Innovation Incubator Awardee Testing Inverter at Energy Systems Integration Facility

Wells Fargo Innovation Incubator (IN2) awardee Go Electric and the National Renewable Energy Laboratory (NREL) researchers have begun testing the startup’s inverter, which is designed to provide an uninterruptible power supply that instantly synchronizes with the grid, in NREL’s Energy System Integration Facility (ESIF) Energy Storage Laboratory.

Go Electric’s technology, called LYNC DR, integrates patented microgrid power transfer technology with battery energy storage and open Automated Demand Response communication capability to provide continuous power and automatic demand response functionality to a commercial building or military base.

“We are a little bit different type of inverter from most of the ones you see, such as a small inverter that is grid-interactive and has a simple disconnect,” said Tony Soverns, the company’s chief technology officer, during ESIF installation in February. “What makes our inverter unique is that it can go on the grid, off the grid, and back on the grid while carrying a load, without shutting off.” Soverns told NREL researchers that it was a “rather novel concept” and “once it’s demonstrated to you, you’ll run off and come up with all kinds of applications I’ve never dreamed of before.”

For the IN2 project, the technology enables seamless power transfer between different commercial building energy generation technologies—such as the grid and a lithium-ion battery—and is able to integrate renewables. “What you have is effectively an electric car that is driving the grid,” Soverns said. The company shipped the unit from its headquarters near Indianapolis, Indiana, and is expected to test the device at NREL through mid-summer.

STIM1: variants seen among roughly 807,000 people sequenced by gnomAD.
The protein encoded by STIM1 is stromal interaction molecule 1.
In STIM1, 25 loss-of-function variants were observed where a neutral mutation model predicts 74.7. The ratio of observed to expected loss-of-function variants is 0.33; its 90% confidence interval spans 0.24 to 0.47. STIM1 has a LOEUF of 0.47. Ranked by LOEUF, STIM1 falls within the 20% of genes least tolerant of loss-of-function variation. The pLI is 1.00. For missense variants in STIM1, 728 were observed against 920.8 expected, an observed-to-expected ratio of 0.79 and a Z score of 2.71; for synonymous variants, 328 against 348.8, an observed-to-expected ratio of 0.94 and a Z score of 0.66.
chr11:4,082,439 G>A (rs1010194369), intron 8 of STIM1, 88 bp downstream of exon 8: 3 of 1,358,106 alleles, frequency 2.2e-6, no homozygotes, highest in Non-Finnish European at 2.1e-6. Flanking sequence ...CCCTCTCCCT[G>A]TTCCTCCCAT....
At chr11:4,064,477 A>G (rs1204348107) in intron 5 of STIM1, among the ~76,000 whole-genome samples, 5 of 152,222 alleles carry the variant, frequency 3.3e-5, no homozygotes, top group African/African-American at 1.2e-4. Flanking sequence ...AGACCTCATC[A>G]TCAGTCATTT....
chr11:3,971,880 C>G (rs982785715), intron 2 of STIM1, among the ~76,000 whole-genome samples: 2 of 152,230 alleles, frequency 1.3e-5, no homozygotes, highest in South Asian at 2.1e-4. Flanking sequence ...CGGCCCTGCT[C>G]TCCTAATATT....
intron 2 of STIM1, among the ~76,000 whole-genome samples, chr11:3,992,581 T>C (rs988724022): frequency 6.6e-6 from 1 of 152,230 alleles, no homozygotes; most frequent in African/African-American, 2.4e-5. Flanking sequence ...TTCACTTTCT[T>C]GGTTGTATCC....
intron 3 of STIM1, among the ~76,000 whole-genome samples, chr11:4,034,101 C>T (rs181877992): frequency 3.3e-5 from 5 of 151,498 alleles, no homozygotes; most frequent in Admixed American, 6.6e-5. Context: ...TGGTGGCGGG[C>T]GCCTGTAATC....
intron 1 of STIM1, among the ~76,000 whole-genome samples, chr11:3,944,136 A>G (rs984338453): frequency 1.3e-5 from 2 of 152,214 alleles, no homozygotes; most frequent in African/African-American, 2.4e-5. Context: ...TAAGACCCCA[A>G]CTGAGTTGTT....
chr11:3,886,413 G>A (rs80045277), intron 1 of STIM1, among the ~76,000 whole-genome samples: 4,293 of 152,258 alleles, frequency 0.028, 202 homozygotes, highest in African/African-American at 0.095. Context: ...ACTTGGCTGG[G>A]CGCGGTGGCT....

The technology’s potential earned IN2 support last year. IN2 is a nine-year, $30 million program designed to facilitate early-stage technologies that provide scalable solutions to reduce the energy impact of commercial buildings.  IN2   is funded by the Wells Fargo Foundation and co-administered by NREL. Awardees like GoElectric receive up to $250,000 in technical assistance and project-related support from NREL.

The functionality provided by Go Electric’s technology could prove desirable to building owners and managers of space with critical systems such as data centers that require continuous power. “The driving decision for a customer might be the uninterruptible power system capability, effectively suppressing the need for expensive spinning reserves” said NREL engineer Willy Bernal. “However, there is an additional incentive for the customer due to the revenue stream derived from reacting to a utility’s demand response event.”

NREL will validate minimal functional requirements for equipment to connect to the grid according to interconnection standards. Researchers will include nonstandard tests to assess the performance of the unit based on feedback from technical experts in the field. Additionally, NREL researchers, in collaboration with Go Electric, will evaluate the demand response functionality and the value proposition of the technology.

As part of its incubator support, the NREL team will help Go Electric develop its demand response value proposition based on building types and battery size, and will evaluate further technology development needs based on testing results and a deeper understanding of market questions about this type of technology.

For now, things appear to be a go for Go Electric and the promise of its novel implementation of microgrid controls to orchestrate the integration of an off-the-shelf inverter, battery, and renewable energy.

For more information about the Wells Fargo program, visit the IN2 website.

— Written by Ernie Tucker, NREL Communications and Public Affairs


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